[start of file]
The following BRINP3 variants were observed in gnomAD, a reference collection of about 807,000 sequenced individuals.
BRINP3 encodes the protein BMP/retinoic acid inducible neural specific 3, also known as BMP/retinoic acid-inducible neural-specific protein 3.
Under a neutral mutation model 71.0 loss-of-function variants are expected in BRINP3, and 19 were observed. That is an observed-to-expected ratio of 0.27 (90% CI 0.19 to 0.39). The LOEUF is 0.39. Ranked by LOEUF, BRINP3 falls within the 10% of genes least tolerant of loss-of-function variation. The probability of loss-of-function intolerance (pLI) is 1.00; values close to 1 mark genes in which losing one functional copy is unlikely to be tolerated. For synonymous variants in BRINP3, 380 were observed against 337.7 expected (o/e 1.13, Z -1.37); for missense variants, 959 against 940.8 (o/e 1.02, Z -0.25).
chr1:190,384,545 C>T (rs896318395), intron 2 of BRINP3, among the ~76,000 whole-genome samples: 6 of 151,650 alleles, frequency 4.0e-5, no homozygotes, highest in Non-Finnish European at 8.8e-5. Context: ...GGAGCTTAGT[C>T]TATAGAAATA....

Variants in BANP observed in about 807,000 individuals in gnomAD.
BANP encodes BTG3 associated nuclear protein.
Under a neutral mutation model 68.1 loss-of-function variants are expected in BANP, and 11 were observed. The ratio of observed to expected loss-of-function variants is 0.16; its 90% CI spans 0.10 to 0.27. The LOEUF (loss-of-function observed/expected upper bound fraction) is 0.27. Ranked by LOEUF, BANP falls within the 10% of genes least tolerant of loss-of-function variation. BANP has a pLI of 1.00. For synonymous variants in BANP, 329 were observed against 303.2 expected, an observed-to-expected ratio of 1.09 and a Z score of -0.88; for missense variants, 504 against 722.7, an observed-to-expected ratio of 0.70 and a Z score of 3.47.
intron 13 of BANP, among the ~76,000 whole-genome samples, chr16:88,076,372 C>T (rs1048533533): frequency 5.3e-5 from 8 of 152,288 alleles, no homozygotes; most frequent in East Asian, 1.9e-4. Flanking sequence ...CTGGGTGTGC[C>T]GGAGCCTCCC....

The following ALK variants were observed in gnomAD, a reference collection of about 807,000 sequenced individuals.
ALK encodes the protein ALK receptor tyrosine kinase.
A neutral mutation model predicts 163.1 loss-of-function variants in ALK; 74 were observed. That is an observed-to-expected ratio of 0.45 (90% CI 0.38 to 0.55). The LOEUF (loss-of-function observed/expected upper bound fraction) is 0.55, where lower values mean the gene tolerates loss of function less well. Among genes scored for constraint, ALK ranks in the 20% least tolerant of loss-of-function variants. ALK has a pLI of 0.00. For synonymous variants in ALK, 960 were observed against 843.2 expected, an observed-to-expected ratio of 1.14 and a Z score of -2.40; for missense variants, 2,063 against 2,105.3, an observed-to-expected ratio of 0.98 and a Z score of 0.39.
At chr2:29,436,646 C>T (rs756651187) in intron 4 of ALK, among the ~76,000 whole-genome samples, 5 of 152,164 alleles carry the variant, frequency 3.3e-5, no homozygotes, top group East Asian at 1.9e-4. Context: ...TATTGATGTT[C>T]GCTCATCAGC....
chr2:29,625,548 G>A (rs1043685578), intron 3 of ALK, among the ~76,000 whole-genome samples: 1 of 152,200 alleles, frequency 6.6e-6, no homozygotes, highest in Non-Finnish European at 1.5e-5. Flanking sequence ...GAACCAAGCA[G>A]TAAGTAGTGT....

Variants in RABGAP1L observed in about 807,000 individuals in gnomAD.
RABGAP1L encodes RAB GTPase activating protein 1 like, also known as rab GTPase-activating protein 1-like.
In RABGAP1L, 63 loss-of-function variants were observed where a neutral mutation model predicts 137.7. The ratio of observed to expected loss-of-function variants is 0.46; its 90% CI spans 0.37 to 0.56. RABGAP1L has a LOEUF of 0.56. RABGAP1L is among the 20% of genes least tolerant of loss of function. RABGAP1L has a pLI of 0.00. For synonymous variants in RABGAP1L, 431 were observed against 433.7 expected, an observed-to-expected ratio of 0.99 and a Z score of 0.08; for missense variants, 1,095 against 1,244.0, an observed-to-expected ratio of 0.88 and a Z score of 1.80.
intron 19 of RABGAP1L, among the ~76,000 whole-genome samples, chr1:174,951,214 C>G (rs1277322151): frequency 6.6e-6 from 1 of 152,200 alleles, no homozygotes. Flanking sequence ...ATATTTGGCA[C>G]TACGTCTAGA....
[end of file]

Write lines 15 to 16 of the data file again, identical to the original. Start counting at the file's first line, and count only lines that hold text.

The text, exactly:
RABGAP1L encodes RAB GTPase activating protein 1 like, also known as rab GTPase-activating protein 1-like.
In RABGAP1L, 63 loss-of-function variants were observed where a neutral mutation model predicts 137.7. The ratio of observed to expected loss-of-function variants is 0.46; its 90% CI spans 0.37 to 0.56. RABGAP1L has a LOEUF of 0.56. RABGAP1L is among the 20% of genes least tolerant of loss of function. RABGAP1L has a pLI of 0.00. For synonymous variants in RABGAP1L, 431 were observed against 433.7 expected, an observed-to-expected ratio of 0.99 and a Z score of 0.08; for missense variants, 1,095 against 1,244.0, an observed-to-expected ratio of 0.88 and a Z score of 1.80.